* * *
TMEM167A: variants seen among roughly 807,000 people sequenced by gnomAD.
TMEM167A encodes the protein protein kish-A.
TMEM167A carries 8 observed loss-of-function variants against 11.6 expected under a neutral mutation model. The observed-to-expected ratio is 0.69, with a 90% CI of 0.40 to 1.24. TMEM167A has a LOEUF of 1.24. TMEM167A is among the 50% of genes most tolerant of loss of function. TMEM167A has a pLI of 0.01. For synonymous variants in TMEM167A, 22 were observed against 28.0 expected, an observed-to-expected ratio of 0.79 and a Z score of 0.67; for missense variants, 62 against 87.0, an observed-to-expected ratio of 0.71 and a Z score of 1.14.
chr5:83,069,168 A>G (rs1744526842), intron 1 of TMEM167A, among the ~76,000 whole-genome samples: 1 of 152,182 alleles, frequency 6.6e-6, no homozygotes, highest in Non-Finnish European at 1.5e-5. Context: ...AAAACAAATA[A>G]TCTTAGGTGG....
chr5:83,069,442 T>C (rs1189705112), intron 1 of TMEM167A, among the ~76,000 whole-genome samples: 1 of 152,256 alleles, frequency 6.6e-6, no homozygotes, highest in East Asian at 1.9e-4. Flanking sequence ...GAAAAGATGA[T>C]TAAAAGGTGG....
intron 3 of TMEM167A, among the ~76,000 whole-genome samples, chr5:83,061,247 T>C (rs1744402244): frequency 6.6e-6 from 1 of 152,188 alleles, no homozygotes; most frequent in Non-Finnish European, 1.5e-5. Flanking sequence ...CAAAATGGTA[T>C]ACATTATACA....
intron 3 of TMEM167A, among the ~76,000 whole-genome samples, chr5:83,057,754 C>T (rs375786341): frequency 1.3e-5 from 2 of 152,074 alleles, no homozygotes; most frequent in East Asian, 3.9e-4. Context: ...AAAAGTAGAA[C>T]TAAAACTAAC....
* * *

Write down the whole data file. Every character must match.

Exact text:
TMEM167A: variants seen among roughly 807,000 people sequenced by gnomAD.
TMEM167A encodes the protein protein kish-A.
TMEM167A carries 8 observed loss-of-function variants against 11.6 expected under a neutral mutation model. The observed-to-expected ratio is 0.69, with a 90% CI of 0.40 to 1.24. TMEM167A has a LOEUF of 1.24. TMEM167A is among the 50% of genes most tolerant of loss of function. TMEM167A has a pLI of 0.01. For synonymous variants in TMEM167A, 22 were observed against 28.0 expected, an observed-to-expected ratio of 0.79 and a Z score of 0.67; for missense variants, 62 against 87.0, an observed-to-expected ratio of 0.71 and a Z score of 1.14.
chr5:83,069,168 A>G (rs1744526842), intron 1 of TMEM167A, among the ~76,000 whole-genome samples: 1 of 152,182 alleles, frequency 6.6e-6, no homozygotes, highest in Non-Finnish European at 1.5e-5. Context: ...AAAACAAATA[A>G]TCTTAGGTGG....
chr5:83,069,442 T>C (rs1189705112), intron 1 of TMEM167A, among the ~76,000 whole-genome samples: 1 of 152,256 alleles, frequency 6.6e-6, no homozygotes, highest in East Asian at 1.9e-4. Flanking sequence ...GAAAAGATGA[T>C]TAAAAGGTGG....
intron 3 of TMEM167A, among the ~76,000 whole-genome samples, chr5:83,061,247 T>C (rs1744402244): frequency 6.6e-6 from 1 of 152,188 alleles, no homozygotes; most frequent in Non-Finnish European, 1.5e-5. Flanking sequence ...CAAAATGGTA[T>C]ACATTATACA....
intron 3 of TMEM167A, among the ~76,000 whole-genome samples, chr5:83,057,754 C>T (rs375786341): frequency 1.3e-5 from 2 of 152,074 alleles, no homozygotes; most frequent in East Asian, 3.9e-4. Context: ...AAAAGTAGAA[C>T]TAAAACTAAC....